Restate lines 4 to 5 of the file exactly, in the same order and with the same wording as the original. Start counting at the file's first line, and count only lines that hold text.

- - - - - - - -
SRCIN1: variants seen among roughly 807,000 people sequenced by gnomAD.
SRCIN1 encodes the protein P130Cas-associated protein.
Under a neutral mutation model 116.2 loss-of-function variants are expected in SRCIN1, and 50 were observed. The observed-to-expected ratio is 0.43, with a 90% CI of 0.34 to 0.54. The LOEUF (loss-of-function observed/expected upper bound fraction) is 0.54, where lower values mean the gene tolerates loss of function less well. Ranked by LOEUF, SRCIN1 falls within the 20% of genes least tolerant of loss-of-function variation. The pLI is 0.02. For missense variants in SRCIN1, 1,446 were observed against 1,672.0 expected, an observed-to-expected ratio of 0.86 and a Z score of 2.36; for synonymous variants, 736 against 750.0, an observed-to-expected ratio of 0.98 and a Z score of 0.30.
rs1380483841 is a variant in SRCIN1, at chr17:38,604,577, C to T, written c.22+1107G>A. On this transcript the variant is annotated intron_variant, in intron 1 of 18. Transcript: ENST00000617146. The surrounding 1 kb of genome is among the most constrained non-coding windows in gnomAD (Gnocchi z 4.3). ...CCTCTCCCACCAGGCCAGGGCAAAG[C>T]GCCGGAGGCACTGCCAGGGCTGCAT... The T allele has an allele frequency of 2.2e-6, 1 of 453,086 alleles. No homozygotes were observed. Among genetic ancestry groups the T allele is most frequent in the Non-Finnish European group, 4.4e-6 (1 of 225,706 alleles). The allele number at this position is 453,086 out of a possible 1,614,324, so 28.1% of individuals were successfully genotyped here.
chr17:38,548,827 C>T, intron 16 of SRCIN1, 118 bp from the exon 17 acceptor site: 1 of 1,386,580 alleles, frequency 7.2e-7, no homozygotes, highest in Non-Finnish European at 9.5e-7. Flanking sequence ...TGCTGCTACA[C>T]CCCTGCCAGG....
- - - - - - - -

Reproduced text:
rs1380483841 is a variant in SRCIN1, at chr17:38,604,577, C to T, written c.22+1107G>A. On this transcript the variant is annotated intron_variant, in intron 1 of 18. Transcript: ENST00000617146. The surrounding 1 kb of genome is among the most constrained non-coding windows in gnomAD (Gnocchi z 4.3). ...CCTCTCCCACCAGGCCAGGGCAAAG[C>T]GCCGGAGGCACTGCCAGGGCTGCAT... The T allele has an allele frequency of 2.2e-6, 1 of 453,086 alleles. No homozygotes were observed. Among genetic ancestry groups the T allele is most frequent in the Non-Finnish European group, 4.4e-6 (1 of 225,706 alleles). The allele number at this position is 453,086 out of a possible 1,614,324, so 28.1% of individuals were successfully genotyped here.
chr17:38,548,827 C>T, intron 16 of SRCIN1, 118 bp from the exon 17 acceptor site: 1 of 1,386,580 alleles, frequency 7.2e-7, no homozygotes, highest in Non-Finnish European at 9.5e-7. Flanking sequence ...TGCTGCTACA[C>T]CCCTGCCAGG....